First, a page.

The Art & Craft of Shakespeare by Robin Phillips


The Art & Craft
of Shakespeare

An Interview with Peter Leithart
by Robin Phillips

Over the years Peter Leithart and I have enjoyed discussing various things, from closed communion to postmodern literary theory. With this year being the 450th anniversary of Shakespeare's birth, our discussions turned naturally to the work and legacy of the Elizabethan bard. The interview below represents the majority of our discussions.

• • •

Robin Phillips (RP): Many people perceive Shakespeare as a relic of a bygone age. After all, he lived in a time before there were smartphones, internet, even TV. Is Shakespeare even relevant for the type of society we now inhabit?

Peter Leithart (PL): The most obvious riposte comes from the performance history of Shakespeare's plays. They've been adapted for all sorts of situations. Just in the last few years we've seen film adaptations that prove the point: Ian McKellen plays Richard III in pseudo-Nazi uniform; Julie Taymor's Titus Andronicus mixes ancient Roman and Fascist themes; and judging from the weapons and uniforms, Ralph Fiennes's Coriolanus might be fighting in Afghanistan or Kosovo. You can transfer Romeo and Juliet to L.A., turn the warring families into gangs and the swords into guns, and the star-crossed lovers seem like kids down the street.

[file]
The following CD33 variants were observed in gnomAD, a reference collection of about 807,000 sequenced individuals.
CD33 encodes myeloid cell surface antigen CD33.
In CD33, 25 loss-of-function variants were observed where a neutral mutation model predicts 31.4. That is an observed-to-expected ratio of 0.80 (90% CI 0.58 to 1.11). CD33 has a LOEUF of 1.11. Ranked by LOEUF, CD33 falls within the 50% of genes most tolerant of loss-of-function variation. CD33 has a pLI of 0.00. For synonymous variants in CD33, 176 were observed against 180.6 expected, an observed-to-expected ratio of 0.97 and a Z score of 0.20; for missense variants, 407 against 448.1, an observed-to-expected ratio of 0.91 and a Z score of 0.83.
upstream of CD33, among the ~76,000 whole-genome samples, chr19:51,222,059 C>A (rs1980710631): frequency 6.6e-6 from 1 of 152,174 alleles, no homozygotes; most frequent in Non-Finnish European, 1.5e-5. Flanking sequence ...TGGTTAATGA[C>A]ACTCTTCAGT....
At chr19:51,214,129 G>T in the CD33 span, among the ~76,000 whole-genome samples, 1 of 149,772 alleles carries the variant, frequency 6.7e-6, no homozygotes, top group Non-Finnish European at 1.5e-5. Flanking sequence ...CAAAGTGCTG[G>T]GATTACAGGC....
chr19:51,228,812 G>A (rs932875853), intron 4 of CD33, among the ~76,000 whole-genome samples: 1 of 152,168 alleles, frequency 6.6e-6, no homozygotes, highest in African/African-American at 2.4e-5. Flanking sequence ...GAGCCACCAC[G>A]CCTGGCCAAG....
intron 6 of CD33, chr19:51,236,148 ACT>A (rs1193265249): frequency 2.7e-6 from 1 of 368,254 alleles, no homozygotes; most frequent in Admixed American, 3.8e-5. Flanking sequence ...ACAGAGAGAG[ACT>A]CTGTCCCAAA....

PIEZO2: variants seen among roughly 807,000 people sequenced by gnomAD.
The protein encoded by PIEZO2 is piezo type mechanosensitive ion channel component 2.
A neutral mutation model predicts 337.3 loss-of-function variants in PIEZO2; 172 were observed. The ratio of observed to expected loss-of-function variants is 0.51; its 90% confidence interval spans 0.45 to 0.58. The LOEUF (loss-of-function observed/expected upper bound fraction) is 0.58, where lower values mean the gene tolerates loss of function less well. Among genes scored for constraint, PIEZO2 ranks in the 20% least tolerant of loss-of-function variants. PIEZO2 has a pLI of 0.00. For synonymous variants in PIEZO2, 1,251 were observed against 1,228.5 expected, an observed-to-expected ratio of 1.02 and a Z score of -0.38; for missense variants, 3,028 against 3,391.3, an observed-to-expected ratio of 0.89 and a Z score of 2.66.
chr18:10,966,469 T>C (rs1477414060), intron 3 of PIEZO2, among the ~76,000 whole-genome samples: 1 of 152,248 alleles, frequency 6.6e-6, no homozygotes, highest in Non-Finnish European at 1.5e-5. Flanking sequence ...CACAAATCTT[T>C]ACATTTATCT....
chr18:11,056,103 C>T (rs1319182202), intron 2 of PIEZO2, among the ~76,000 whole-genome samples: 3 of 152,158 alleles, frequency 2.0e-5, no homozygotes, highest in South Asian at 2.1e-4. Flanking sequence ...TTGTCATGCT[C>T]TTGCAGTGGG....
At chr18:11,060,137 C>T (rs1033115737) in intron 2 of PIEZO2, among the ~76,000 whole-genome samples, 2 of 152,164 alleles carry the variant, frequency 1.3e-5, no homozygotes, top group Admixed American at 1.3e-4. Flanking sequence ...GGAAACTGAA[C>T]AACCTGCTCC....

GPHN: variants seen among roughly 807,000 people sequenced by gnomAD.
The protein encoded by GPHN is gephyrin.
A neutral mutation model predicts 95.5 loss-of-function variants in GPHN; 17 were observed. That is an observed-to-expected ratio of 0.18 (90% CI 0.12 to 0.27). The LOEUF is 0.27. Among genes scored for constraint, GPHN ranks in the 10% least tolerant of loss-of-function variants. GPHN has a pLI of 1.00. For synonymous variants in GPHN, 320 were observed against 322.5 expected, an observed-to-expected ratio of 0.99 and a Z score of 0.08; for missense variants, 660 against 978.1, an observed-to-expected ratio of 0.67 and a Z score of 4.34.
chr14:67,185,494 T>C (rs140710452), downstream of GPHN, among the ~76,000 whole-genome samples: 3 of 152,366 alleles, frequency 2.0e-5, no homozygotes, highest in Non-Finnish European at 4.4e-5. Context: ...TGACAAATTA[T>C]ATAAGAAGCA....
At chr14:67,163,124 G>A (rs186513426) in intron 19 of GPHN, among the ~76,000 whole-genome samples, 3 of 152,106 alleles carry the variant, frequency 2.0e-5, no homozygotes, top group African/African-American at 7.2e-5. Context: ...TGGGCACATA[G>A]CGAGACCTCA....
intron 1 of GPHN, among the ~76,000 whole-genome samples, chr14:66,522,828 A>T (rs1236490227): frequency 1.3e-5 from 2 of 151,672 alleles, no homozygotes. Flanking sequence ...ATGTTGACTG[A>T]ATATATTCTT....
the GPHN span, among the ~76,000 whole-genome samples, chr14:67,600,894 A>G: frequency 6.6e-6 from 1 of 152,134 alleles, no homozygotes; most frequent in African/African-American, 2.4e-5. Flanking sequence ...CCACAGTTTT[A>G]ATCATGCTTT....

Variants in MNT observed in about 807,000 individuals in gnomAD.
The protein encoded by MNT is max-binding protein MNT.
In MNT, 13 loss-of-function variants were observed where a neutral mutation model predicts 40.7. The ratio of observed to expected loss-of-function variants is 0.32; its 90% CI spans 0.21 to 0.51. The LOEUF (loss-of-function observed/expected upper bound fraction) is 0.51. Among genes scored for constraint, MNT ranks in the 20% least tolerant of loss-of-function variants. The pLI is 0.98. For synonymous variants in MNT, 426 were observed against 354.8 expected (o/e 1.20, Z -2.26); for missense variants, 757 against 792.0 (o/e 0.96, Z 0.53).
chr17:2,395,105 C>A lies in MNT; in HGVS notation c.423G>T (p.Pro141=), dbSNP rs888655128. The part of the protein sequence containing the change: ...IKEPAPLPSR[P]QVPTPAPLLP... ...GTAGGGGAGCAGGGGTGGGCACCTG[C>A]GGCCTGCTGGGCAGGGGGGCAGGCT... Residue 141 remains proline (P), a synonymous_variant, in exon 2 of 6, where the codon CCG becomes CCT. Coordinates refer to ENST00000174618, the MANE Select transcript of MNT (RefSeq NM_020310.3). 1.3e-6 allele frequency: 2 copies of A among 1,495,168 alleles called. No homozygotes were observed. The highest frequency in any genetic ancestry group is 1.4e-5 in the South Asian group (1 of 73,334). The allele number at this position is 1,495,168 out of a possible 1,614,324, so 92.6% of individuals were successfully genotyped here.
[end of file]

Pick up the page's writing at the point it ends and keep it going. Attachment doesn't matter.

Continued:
I think that flexibility is partly due to the fact that Shakespeare wrote plays, and wrote them with few scene-setting stage directions. Austen's world is clearly not ours, nor is Dickens's; that leaps off the page. With Shakespeare, we have drama without much in the way of scenery, and even though the characters talk funny, they are recognizable human characters.

And of course there's the old truism that Shakespeare's plays deal with the perennial dramas of human life—war, love, betrayal, ambition, gossip, trickery, death, hope, reunion, mystery and magic. It's a truism, but it's also true.

RP: We know very little about the historical Shakespeare, which means that his plays and poems are really all we have to go on when trying to discern his vision of the world. But do his works even convey a certain vision of the world?